IV regression help

#1
Hello everyone,

Im confused about endogeneity and how to approach this problem in a case of one equation and multiple equations that are jointly determined (simultaneous)

One equation

D = Endogenous, Z1 = instrument, E = error

Equation: Y = D + X2 + X3 + E
The first stage: D = Z1 + X2 + X3 + E
Reduced form: Y = Z1 + X2 + X3 + E

The first stage is OLS regression of endogneous on all exogenous and IV. It is used to check whether the IV a good instrument (high t-value). The fitted values are substituted in the second stage. I get this part.

Question 1: But: what does the reduced form tell us (in non-mathematical language)? What is the function of the reduced form?

simultaneous equation (2 equations)

For example supply and demand.

Demand equation: Qd = D1(price) + X2 + X3 + X4 + E
Supply equation: Qs = D1(price) + X2 + E
X3 does not appear in the supply equation (Use it as IV), hence supply is identified.

First stage: D1(price) = X3 + X4 + E
Reduced form: Qs = X3 + X4 + X2 + E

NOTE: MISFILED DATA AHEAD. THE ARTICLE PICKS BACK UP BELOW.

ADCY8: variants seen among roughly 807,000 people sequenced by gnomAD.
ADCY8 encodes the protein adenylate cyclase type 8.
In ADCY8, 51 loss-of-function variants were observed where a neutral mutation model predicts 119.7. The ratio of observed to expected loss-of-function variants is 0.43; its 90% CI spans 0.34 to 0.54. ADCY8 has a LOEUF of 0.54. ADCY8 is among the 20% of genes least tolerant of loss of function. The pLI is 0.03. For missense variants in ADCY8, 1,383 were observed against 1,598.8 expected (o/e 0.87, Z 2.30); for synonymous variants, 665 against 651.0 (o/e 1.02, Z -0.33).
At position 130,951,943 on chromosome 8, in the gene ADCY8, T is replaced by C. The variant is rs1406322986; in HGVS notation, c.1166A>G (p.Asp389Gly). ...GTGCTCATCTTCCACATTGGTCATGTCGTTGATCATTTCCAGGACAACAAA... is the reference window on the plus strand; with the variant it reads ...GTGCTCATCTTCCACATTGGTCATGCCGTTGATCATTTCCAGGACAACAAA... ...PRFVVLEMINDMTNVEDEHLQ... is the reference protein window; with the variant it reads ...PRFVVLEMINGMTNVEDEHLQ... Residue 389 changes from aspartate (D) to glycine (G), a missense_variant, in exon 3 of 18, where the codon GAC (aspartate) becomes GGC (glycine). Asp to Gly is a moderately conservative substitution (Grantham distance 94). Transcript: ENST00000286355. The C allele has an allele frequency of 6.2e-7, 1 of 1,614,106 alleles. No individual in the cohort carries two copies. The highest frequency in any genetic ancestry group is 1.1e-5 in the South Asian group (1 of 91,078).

Question 2: is the first stage correctly specified?

Question 3: is the reduced form correctly specified?

In general, I do not know how to specify the model in case of simultaneous equations, like supply and demand. That is the reason for asking question 2 and 3.

If someone can explain the above I would really appreciate that!!

I posted this question on stackexchange to. But I get the feeling there are more people around here that can help. If I receive an answer on stackexchange I will post it here :)
 

hlsmith

Omega Contributor
#3
Are the Xs confounders of D and Y? So you are using Z to go further up stream to get past the confounding?


I have only ran locally average treatment effects before and simple mediation analyses, so I would help more if I could in regards to the modeling. I would imagine there are some good economics or social science YouTube videos out there on IVs. It may help if you draw out a graph showing the assumed relationships between variables and post it. We have one regular on this site that is familiar with SEM that may be able to help. If I see him around I will direct him to this post.


Thanks.
 
#4
To get past the confounding I use indeed the instrument Z1. The other Xs are not confounders, they are exogenous. In the SEM model X3 is used as IV and is exogenous. The other Xs are exogenous to. However, only the independent variable D is endogenous.
A graphical representation of the above is as follows:


The D variable is problematic in equation one and two.

I watched all the videos available on youtube and read a lot of papers. But it appears that the terms reduced form and first stage are used interchangeably. It makes it difficult to gasp this subject.

Thanks for your time and effort.